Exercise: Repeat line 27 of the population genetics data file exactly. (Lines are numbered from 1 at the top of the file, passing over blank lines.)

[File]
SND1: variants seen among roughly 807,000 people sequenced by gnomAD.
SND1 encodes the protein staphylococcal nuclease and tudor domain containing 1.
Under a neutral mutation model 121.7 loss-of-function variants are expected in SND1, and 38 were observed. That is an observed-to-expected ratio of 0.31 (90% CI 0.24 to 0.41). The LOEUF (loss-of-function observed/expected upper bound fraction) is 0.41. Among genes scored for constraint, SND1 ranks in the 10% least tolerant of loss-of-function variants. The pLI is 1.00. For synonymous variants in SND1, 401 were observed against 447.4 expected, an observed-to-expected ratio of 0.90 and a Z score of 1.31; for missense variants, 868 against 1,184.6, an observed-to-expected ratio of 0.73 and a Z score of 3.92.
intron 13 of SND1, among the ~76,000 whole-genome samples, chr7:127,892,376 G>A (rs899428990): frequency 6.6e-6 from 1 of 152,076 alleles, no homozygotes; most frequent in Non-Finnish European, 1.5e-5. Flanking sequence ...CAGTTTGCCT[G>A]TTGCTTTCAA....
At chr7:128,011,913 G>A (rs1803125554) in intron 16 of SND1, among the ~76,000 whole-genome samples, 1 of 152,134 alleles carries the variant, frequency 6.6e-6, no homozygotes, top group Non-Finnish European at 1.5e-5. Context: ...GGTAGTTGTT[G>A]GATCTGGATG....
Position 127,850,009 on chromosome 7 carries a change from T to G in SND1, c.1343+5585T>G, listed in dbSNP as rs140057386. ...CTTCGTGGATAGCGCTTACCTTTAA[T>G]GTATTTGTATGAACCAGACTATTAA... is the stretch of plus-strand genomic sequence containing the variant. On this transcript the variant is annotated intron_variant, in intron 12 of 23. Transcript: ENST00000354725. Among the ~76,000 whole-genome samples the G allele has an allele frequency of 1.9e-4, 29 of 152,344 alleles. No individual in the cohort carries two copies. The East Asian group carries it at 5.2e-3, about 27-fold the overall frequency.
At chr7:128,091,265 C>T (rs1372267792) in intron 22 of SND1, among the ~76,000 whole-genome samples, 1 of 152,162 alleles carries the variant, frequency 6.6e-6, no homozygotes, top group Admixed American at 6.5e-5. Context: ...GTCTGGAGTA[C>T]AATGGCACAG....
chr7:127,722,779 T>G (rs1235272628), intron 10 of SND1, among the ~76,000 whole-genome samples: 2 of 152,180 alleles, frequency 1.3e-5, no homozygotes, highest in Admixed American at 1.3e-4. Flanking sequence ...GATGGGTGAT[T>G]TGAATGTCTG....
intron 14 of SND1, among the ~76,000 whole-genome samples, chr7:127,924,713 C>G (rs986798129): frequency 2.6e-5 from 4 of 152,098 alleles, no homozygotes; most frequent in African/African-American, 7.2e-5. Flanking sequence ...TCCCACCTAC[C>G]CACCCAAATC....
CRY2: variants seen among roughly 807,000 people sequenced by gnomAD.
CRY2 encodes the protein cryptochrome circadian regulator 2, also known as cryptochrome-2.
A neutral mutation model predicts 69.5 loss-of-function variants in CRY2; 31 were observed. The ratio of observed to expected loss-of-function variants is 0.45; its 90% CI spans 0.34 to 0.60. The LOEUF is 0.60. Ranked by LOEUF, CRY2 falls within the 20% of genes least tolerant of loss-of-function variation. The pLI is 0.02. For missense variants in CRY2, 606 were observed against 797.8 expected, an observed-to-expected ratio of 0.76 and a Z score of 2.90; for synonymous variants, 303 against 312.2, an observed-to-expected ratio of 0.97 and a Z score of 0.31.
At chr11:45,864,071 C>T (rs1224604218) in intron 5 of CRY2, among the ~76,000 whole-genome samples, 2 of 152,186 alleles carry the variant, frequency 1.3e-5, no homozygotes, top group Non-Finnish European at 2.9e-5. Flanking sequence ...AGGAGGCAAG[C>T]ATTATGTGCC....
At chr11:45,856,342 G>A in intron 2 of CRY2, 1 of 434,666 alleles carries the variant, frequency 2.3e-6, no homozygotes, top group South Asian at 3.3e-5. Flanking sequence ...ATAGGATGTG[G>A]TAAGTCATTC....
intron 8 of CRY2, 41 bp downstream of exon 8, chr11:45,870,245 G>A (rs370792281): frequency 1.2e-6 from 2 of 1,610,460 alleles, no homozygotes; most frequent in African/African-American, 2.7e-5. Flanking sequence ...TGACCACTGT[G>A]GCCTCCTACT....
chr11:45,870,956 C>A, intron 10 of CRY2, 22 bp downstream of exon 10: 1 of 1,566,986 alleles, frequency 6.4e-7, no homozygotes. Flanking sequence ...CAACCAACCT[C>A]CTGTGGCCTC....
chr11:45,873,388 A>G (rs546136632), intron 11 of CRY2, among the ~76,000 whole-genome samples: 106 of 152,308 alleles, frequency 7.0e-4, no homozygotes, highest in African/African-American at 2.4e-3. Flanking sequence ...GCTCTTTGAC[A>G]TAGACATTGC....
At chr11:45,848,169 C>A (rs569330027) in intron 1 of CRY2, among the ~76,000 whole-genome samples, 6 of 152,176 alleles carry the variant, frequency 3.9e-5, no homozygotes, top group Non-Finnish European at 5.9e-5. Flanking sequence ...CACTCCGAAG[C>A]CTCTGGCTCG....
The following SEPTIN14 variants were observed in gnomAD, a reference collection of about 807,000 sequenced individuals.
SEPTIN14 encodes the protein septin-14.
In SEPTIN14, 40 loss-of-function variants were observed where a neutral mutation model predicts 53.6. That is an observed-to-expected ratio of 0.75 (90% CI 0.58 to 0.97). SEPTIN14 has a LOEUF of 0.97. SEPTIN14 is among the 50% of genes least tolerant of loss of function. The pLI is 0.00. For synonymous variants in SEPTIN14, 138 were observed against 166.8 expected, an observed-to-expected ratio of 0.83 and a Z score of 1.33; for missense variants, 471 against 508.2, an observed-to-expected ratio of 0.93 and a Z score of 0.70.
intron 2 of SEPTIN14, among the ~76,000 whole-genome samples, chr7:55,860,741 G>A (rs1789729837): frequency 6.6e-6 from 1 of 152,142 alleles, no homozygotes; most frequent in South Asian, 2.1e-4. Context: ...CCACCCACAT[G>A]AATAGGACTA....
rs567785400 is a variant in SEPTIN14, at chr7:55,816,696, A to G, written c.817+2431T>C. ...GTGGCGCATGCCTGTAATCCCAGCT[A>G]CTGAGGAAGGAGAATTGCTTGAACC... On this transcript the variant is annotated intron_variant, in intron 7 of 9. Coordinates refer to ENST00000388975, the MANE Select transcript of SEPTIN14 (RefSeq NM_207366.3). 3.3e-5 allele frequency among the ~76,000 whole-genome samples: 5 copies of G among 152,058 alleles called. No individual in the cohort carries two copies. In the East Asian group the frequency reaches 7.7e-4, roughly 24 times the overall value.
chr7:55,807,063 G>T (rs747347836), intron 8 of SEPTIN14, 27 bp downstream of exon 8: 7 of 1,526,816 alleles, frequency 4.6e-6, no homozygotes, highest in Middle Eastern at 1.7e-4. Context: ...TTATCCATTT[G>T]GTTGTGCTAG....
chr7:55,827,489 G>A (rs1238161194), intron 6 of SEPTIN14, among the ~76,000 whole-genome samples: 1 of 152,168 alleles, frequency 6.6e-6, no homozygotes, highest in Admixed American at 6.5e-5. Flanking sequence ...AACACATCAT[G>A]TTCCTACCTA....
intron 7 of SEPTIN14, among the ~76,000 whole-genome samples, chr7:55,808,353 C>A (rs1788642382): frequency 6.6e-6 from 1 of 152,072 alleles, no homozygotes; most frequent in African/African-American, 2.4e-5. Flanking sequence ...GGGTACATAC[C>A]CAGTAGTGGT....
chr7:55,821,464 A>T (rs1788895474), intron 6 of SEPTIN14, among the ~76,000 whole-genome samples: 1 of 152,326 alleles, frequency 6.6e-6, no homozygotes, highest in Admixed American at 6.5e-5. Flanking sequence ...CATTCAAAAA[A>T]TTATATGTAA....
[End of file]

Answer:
chr7:55,821,464 A>T (rs1788895474), intron 6 of SEPTIN14, among the ~76,000 whole-genome samples: 1 of 152,326 alleles, frequency 6.6e-6, no homozygotes, highest in Admixed American at 6.5e-5. Flanking sequence ...CATTCAAAAA[A>T]TTATATGTAA....